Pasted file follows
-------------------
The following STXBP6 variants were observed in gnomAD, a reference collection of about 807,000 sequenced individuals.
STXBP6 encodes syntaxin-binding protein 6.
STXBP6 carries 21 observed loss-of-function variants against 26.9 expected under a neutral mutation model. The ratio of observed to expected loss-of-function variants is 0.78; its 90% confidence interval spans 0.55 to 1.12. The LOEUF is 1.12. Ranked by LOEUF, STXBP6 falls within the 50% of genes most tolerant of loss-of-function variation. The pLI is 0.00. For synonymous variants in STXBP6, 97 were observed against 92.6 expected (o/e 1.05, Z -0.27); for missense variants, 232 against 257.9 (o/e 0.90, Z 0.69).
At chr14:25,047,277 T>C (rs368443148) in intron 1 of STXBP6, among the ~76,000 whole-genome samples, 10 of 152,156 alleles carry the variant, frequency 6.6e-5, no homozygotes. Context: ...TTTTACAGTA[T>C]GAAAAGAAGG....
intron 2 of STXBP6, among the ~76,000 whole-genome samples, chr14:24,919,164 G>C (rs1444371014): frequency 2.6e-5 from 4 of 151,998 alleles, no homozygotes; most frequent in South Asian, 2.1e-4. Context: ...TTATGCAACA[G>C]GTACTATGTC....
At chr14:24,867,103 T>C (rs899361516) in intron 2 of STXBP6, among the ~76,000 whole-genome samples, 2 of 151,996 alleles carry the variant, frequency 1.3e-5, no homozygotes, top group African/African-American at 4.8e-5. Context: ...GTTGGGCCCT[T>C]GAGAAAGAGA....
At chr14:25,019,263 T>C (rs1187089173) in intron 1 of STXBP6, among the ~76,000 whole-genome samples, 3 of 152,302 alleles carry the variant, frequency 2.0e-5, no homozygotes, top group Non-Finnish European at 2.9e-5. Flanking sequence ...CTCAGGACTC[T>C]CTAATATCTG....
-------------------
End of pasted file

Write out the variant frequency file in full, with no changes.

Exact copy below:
The following STXBP6 variants were observed in gnomAD, a reference collection of about 807,000 sequenced individuals.
STXBP6 encodes syntaxin-binding protein 6.
STXBP6 carries 21 observed loss-of-function variants against 26.9 expected under a neutral mutation model. The ratio of observed to expected loss-of-function variants is 0.78; its 90% confidence interval spans 0.55 to 1.12. The LOEUF is 1.12. Ranked by LOEUF, STXBP6 falls within the 50% of genes most tolerant of loss-of-function variation. The pLI is 0.00. For synonymous variants in STXBP6, 97 were observed against 92.6 expected (o/e 1.05, Z -0.27); for missense variants, 232 against 257.9 (o/e 0.90, Z 0.69).
At chr14:25,047,277 T>C (rs368443148) in intron 1 of STXBP6, among the ~76,000 whole-genome samples, 10 of 152,156 alleles carry the variant, frequency 6.6e-5, no homozygotes. Context: ...TTTTACAGTA[T>C]GAAAAGAAGG....
intron 2 of STXBP6, among the ~76,000 whole-genome samples, chr14:24,919,164 G>C (rs1444371014): frequency 2.6e-5 from 4 of 151,998 alleles, no homozygotes; most frequent in South Asian, 2.1e-4. Context: ...TTATGCAACA[G>C]GTACTATGTC....
At chr14:24,867,103 T>C (rs899361516) in intron 2 of STXBP6, among the ~76,000 whole-genome samples, 2 of 151,996 alleles carry the variant, frequency 1.3e-5, no homozygotes, top group African/African-American at 4.8e-5. Context: ...GTTGGGCCCT[T>C]GAGAAAGAGA....
At chr14:25,019,263 T>C (rs1187089173) in intron 1 of STXBP6, among the ~76,000 whole-genome samples, 3 of 152,302 alleles carry the variant, frequency 2.0e-5, no homozygotes, top group Non-Finnish European at 2.9e-5. Flanking sequence ...CTCAGGACTC[T>C]CTAATATCTG....